With so much to think about, sending your kids off to university can seem like a minefield of decisions and worries. Where should you send them? How much is it going to cost? How will they cope leaving home? It can get a bit much and lead to many a sleepless night. That’s where the good people from HSBC come in…
When it comes to planning for university, they know exactly what to expect. You’ve got questions, they got the answers!
Anurag Mathur, Head of Retail Banking and Wealth Management, HSBC Bank (Singapore) said: “Singaporeans in particular place a premium on their children receiving a university education, and they’re prepared to pay for it. We have been building our platforms, solutions and capabilities to help Singapore and expats parents as well as students fund their future – and more is to come.”
Currently, HSBC supports parents across their children’s entire education journey including education savings plans; access to overseas banking and on-the-ground relationship managers across 66 territories; and the ability to internationally transfer money to their children’s domestic and overseas accounts in real-time.
Here’s a quick insight into what you need to know about planning for the next part of your child’s learning journey.
Should I send my child overseas?
Living in a highly globalised society makes it natural for parents to want to send their kids to university overseas. Not only does an overseas education broaden a child’s horizons, it also gives them new perspectives, it can also give them an edge over their peers who have only experienced life in just one country.
When should I start planning?
Based on the 2018 HSBC’s Value of Education research, 47% of Singaporean parents wish they had started saving earlier for their children’s education while one in two parents (46%) worry they do not have the financial resources to support them.
This means it’s never too early to start planning! In fact, starting early means you’ll have more time to save so that you can more easily afford your teenager’s overseas stay. Here’s what you need to think about:
Tuition fees: The costs of studying overseas can really add up! Just to give you an example, Australian universities costs an average of between S$15,000- S$33,000 per year for a Bachelor’s degree.
Living expenses: You’ll also need to factor in living costs, which includes accommodation, food and social activities. Depending on the country your child lives in, a realistic sum would be around $1,500 to $2,500 per month.
Schools: Apart from a university’s reputation and accreditation, you’ll also want to think about the school’s admission process and the length of its degree programmes. For example, a Bachelor’s degree in the US usually takes four years to complete, while in Australia it takes three years. Knowing that in advance will help you better plan for your child’s stay and the related expenses.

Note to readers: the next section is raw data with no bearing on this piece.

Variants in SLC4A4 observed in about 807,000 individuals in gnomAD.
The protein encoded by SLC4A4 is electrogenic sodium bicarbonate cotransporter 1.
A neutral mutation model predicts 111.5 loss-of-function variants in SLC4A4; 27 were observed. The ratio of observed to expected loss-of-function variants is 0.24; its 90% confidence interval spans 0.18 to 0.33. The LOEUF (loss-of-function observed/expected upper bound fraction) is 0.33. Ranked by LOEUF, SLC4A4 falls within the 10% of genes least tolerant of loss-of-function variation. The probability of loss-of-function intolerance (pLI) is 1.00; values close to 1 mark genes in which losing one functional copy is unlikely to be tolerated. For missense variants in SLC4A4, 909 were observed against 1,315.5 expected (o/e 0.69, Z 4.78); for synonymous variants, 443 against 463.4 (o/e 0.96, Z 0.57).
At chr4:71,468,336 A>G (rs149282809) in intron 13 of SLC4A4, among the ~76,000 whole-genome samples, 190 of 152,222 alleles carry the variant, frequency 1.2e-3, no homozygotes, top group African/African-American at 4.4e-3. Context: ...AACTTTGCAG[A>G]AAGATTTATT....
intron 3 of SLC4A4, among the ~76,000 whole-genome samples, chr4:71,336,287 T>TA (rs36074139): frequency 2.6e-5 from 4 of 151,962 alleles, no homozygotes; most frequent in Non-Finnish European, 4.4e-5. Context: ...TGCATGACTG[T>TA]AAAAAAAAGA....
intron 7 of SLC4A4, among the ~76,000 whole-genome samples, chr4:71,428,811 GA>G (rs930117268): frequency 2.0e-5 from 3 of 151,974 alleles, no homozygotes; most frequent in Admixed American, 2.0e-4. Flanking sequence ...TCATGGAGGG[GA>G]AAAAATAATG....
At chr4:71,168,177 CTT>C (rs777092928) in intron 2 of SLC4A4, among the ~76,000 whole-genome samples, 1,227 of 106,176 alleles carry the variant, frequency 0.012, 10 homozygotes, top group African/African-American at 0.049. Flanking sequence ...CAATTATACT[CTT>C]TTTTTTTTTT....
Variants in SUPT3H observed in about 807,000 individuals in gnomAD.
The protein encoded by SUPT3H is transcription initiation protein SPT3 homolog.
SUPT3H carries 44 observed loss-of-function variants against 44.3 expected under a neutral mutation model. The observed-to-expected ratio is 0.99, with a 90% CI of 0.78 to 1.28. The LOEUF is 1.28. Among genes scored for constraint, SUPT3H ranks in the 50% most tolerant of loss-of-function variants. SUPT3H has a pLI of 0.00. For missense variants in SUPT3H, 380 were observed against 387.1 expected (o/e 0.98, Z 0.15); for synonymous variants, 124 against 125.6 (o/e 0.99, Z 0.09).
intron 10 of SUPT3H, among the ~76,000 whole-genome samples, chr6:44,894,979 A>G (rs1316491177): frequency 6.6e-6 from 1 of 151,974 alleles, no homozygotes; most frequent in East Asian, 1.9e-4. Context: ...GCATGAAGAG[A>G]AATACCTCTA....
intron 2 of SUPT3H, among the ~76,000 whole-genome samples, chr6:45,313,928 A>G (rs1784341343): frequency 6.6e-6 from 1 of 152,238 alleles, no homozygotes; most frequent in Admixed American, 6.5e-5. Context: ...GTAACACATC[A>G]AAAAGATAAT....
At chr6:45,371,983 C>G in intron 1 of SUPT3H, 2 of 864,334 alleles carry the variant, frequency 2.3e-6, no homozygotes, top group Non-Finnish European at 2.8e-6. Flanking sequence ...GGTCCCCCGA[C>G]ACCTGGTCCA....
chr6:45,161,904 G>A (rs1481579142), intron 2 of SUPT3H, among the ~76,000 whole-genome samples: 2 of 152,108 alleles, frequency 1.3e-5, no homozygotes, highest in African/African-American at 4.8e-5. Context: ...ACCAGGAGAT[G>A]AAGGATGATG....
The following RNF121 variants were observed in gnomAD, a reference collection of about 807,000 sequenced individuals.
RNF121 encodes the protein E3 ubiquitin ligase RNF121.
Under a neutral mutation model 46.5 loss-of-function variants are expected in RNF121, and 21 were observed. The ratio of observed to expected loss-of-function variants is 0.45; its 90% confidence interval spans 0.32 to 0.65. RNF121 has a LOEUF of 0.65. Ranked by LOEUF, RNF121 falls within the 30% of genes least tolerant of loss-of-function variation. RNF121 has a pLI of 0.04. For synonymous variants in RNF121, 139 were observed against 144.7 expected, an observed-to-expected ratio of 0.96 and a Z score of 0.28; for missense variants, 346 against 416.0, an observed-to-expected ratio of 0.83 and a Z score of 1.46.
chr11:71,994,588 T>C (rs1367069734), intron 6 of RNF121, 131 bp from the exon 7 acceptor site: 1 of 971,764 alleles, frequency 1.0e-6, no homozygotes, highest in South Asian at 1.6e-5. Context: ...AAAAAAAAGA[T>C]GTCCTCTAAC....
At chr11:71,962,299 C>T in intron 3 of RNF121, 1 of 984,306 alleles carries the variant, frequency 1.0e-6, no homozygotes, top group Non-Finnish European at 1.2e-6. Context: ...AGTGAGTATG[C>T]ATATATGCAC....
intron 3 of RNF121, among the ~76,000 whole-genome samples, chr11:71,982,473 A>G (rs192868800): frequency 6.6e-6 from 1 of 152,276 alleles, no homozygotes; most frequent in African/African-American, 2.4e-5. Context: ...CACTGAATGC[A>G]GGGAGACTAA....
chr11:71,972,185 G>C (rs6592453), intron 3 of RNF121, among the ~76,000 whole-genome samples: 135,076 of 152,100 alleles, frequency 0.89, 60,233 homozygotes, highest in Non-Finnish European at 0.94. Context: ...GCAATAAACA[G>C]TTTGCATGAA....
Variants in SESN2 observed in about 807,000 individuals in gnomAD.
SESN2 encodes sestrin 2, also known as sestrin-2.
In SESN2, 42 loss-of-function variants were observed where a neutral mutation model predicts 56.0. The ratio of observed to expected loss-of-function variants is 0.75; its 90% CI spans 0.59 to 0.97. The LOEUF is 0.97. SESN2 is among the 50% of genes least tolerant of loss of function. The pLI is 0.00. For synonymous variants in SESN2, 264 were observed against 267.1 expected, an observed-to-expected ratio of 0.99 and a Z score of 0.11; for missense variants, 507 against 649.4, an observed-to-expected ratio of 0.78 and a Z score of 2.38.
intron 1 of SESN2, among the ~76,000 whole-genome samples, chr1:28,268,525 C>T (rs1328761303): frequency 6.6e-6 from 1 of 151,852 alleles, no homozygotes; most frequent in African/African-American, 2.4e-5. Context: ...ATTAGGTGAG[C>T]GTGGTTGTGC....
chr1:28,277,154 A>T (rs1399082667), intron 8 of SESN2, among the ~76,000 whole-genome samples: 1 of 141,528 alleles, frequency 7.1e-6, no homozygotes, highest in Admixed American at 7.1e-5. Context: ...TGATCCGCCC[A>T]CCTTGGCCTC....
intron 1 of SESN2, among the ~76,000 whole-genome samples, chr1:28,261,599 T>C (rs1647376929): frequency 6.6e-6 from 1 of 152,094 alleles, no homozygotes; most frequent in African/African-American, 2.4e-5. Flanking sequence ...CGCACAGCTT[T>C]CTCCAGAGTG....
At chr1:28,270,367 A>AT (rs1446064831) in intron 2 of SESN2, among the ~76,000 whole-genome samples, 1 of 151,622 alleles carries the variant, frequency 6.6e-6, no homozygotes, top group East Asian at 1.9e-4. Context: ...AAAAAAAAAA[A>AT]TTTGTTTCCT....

Where should they go?
For students residing in Singapore, studies show that the most popular destinations are Australia, the UK and the US.
Obviously of these choices, Australia is the closest to sunny Singapore, and it also happens to have a more affordable fees range (apx. S$15,000- S$30,000 per year). Its top universities include Australian National University (Canberra), University of Melbourne (Melbourne), Monash University (Melbourne), University of Sydney (Sydney), University of New South Wales (Sydney), University of Queensland (Brisbane). Hot tip: The Singapore dollar is expected to remain strong against the Australian dollar this year, which means better exchange rates – yay!
The United Kingdom offers world-class education with internationally respected qualifications. Four of the top ten universities in the world – the University of Cambridge, Oxford University, University College London, and Imperial College London – are found in the UK. Although it’s quite the trip from Singapore, it’s a great country for kids to experience seasonal weather and historic architecture. Tuition fees will likely form the bulk of your expenses and you can expect to pay around S$18,000 to S$63,000 annually. The cost of living in the UK is very much subjective to the location your child chooses to live in.
Got kids keen to try life in the US? The Land of the Free with its huge-scale landscapes, cool sports, college culture and enormous burgers definitely makes it appealing as a university location: but it could also cost you a pretty penny tuition-wise. You can expect to spend around S$75,000 a year, so best start saving early! Cost aside, the US is also where you’ll find some of the best universities around the globe, including Massachusetts Institute of Technology (MIT), Stanford University, Harvard University and Princeton University.
Too much to think about?
Feeling overwhelmed? Don’t worry, the folks over at HSBC are experts when it comes to planning for overseas education. They’ll help you come up with an effective financial plan that makes securing your child’s future as easy as ABC, and help you with international banking services as your child moves abroad. HSBC customers also enjoy a complimentary (and mind soothing) consultation on overseas education so find out more about HSBC privileges at the HoneyKids Asia International School Fair on 16 March 2019!
This post is sponsored by HSBC.